MUNICH — U.S. and Iranian officials on Sunday expressed hope of a possible deal on Iran’s nuclear program, but during a security conference here acknowledged a crisis of trust could stymie efforts at a comprehensive agreement.
“There is a lot of mistrust in Iran about the intentions of the West,” said Mohammad Javad Zarif, Iran’s foreign minister. “Iran’s trust needs to be gained.”
Sen. John McCain, R-Ariz., who took part in a separate panel discussion about the future of the Middle East, said a history of deception over Iran’s nuclear program is good cause for skepticism over Iranian intentions. “Don’t trust, but verify,” said McCain, offering a revision of former President Ronald Reagan’s famous use of a proverb when referring to the Soviet Union.
At the close of the Munich Security Conference on Sunday, Iran and its nuclear program was the issue of the day.
Zarif, who met with U.S. Secretary of State John Kerry Sunday on the sidelines of the conference, reiterated Iran’s assertion that its nuclear program is aimed at producing energy. But the U.S. has long argued that Iran is seeking a nuclear arsenal, something President Barack Obama has said cannot be permitted.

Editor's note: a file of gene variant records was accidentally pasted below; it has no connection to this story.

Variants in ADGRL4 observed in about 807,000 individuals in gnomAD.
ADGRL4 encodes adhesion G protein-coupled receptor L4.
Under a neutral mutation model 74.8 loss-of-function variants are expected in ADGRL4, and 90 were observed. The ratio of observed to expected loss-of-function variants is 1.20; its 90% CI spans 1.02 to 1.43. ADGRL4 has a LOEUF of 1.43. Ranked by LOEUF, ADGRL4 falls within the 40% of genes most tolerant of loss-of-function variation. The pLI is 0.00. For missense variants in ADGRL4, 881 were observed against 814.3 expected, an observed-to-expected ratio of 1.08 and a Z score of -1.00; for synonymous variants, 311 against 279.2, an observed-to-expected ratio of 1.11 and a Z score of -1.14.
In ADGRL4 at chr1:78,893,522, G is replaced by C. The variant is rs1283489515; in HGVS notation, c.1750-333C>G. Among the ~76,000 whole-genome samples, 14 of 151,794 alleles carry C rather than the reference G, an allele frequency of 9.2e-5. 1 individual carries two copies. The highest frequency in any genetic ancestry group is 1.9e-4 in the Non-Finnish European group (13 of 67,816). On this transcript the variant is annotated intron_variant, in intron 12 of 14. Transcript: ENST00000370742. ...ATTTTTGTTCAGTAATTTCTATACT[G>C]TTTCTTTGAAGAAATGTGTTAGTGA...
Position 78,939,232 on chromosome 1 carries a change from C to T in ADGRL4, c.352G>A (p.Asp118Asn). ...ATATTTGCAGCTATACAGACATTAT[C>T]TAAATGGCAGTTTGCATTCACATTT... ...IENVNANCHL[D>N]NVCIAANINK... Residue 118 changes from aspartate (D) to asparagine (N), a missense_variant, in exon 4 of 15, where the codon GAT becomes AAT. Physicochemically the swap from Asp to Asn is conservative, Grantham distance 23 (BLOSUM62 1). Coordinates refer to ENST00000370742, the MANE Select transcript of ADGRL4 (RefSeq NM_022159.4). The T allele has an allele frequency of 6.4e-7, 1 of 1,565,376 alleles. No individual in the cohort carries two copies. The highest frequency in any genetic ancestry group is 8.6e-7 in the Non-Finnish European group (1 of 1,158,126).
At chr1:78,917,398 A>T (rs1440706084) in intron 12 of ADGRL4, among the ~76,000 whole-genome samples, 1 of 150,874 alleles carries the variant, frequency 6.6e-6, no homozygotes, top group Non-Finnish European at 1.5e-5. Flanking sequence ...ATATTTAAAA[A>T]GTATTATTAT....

In November, Iran agreed to cease producing certain uranium enrichment activities as part of a deal that would ease some Western sanctions. The agreement, which went into effect in January, provides six months of relief as negotiations continue over Iran’s nuclear program.
Sen. Christopher Murphy, D-Conn, taking part in a panel talk on the Iranian issue with Zarif, said he didn’t expect the U.S. Senate to impose new sanctions while negations are taking place.
U.S. lawmakers have been considering whether to pass legislation that would impose a new round of sanctions, something Obama has said he would veto.
Murphy, however, didn’t appear overly confident that a long-term deal with Iran would be reached.
“Though I may not be an optimist, perhaps there is a possibility, a good possibly, we can achieve (a result),” Murphy said.